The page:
Saturday, September 29, 2007

We Three Cousins

Bynum Nelson was one of my first cousins. He lived in Nederland. Houston Hamby (we called him “Buddy”) was another of my first cousins. He lived in Port Arthur. And I lived in Beaumont. Bynum, Buddy and I were the same age. However, living in separate towns hindered our being able to visit very often.

One day during the late 1940s, we had a get-together of sorts. I guess you could call it a “mini” family reunion. The Nelsons lived in Nederland on the Koelemay Road next to the interurban. Next door to them were the Parkers. Nora Parker was my mother’s sister.

The families decided to meet at the Parkers for an afternoon of visiting. Mary Ann Parker and Wanda Hamby, another two of my first cousins were the same age as my sister, Ann. The three girl cousins went into one of the rooms to play. We three guy cousins ended up in another room to bide our time. The adults sat in the living room catching up on family stories that had occurred since the last time we all had visited.

The Parkers did not have any boys so that meant they didn’t have any boy toys. They only had stuff for Mary Ann. We male cousins really were not interested in playing paper dolls. Mary Ann loaned us her Jacks game. We began playing Jacks. That didn’t last long. There just wasn’t much excitement to bouncing a rubber ball on the floor and scooping up things off of the floor. Besides that we were not very good at it.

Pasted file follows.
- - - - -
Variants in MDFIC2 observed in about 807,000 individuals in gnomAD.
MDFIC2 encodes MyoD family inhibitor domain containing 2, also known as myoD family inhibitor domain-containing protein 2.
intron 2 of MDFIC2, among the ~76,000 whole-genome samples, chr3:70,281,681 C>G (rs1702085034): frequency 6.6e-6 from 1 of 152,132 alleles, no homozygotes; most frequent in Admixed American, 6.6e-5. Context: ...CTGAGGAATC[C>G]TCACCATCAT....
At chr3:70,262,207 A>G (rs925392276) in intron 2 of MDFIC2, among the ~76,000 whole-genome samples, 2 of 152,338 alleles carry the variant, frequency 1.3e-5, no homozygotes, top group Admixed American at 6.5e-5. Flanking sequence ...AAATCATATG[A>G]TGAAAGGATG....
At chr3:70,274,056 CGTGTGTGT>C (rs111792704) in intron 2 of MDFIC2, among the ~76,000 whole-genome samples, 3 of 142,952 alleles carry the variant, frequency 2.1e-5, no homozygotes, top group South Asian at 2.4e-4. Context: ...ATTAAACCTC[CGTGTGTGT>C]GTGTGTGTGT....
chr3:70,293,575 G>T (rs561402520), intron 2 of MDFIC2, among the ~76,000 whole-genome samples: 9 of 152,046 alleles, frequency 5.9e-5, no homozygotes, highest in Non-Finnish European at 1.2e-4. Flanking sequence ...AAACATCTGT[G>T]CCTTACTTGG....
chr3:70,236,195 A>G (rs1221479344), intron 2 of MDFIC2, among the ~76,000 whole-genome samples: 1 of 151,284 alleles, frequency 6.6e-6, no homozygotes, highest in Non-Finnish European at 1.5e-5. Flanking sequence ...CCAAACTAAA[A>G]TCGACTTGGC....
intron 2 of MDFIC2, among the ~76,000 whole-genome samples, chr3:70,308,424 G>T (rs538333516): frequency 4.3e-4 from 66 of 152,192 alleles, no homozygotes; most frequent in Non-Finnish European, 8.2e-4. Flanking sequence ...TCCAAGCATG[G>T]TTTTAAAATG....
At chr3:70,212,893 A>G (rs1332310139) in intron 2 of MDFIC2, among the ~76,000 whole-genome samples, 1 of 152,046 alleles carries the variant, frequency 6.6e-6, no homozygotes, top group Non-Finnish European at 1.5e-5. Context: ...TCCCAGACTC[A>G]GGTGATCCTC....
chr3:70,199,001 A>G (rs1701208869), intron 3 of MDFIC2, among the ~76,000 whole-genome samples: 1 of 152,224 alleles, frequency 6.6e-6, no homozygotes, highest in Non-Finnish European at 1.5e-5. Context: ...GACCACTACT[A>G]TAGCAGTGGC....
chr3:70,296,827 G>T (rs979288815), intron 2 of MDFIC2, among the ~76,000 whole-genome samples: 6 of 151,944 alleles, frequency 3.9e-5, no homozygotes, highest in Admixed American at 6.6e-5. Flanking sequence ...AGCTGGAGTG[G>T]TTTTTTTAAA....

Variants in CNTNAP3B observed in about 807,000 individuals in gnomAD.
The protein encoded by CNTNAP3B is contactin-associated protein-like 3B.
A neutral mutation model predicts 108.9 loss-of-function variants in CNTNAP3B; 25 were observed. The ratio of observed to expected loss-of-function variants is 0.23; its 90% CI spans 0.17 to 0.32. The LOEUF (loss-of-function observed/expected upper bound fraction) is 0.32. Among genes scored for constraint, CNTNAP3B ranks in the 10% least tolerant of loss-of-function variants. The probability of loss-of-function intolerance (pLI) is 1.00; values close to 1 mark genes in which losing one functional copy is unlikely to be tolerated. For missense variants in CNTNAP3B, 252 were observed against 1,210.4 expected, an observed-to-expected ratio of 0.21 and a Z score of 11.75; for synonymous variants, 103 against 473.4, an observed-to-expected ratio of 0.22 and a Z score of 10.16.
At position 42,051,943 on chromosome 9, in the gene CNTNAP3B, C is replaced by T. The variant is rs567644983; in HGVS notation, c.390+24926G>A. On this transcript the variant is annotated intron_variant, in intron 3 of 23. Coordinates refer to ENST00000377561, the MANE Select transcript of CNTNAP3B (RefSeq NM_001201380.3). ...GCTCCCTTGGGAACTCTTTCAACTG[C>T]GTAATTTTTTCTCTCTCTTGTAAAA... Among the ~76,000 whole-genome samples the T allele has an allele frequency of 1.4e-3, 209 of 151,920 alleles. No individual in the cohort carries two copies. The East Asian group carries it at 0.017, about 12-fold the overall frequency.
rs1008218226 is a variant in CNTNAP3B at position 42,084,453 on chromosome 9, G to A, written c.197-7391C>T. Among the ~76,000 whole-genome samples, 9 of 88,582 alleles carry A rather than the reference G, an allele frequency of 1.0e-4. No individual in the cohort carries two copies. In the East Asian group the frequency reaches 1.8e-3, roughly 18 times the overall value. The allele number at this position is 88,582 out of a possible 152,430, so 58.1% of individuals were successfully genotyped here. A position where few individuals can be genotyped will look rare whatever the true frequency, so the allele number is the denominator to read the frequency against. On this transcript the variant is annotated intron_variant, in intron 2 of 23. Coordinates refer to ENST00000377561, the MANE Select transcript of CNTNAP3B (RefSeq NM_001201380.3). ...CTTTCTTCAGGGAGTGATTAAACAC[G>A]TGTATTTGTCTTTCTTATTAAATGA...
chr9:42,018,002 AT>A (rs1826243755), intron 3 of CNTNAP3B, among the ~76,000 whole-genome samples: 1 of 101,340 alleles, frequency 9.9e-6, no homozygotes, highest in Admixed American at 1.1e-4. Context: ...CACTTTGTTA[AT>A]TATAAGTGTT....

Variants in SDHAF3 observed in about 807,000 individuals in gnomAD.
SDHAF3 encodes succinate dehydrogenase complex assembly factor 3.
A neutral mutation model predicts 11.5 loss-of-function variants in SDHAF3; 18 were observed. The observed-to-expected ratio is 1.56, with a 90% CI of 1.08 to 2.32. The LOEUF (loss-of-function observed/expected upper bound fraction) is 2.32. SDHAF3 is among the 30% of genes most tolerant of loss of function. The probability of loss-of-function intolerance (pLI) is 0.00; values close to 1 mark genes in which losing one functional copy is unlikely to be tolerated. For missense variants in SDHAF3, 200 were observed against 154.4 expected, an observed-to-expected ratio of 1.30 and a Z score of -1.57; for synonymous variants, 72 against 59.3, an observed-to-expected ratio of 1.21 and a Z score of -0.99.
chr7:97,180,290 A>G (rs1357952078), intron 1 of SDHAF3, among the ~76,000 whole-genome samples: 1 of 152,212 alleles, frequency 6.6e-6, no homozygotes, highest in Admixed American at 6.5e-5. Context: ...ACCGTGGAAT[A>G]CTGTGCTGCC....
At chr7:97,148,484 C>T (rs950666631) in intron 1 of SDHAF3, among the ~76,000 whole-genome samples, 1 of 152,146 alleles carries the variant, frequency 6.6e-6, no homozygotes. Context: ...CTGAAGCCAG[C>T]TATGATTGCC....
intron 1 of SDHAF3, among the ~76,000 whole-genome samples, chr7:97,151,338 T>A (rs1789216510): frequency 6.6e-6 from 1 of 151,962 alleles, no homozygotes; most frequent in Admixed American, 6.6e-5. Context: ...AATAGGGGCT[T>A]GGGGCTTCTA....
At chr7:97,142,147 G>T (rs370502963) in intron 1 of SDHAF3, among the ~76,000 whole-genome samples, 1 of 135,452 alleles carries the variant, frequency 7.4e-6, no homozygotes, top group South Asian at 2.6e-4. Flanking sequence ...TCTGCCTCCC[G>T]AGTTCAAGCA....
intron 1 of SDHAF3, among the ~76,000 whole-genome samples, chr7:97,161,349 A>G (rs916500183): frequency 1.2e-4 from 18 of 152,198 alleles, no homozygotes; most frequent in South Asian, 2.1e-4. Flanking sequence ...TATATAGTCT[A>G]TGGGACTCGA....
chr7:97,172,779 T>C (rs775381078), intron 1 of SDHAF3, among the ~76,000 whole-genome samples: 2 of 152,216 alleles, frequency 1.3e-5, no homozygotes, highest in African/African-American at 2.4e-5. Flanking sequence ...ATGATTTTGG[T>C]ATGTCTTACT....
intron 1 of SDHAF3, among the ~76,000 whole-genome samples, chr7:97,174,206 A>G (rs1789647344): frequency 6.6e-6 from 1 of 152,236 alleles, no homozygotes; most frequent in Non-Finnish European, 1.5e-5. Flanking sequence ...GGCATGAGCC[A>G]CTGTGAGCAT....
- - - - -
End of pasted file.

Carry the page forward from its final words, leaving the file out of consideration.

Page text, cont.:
So we got to talking as boys are apt to do. The question arose, “What are you going to be when you grow up?” Actually we worded that question this way, “What are you going to do when you get big?” You see, “getting big,” and “growing up,” were synonymous terms. Bynum said he wanted to work with electronics. He had a flair for that. He could fix malfunctioning radios when he was only eleven years old. Sure enough, Bynum grew up and had a career with Houston Power and Light. I never knew what he did there but I do know he was in a field he loved.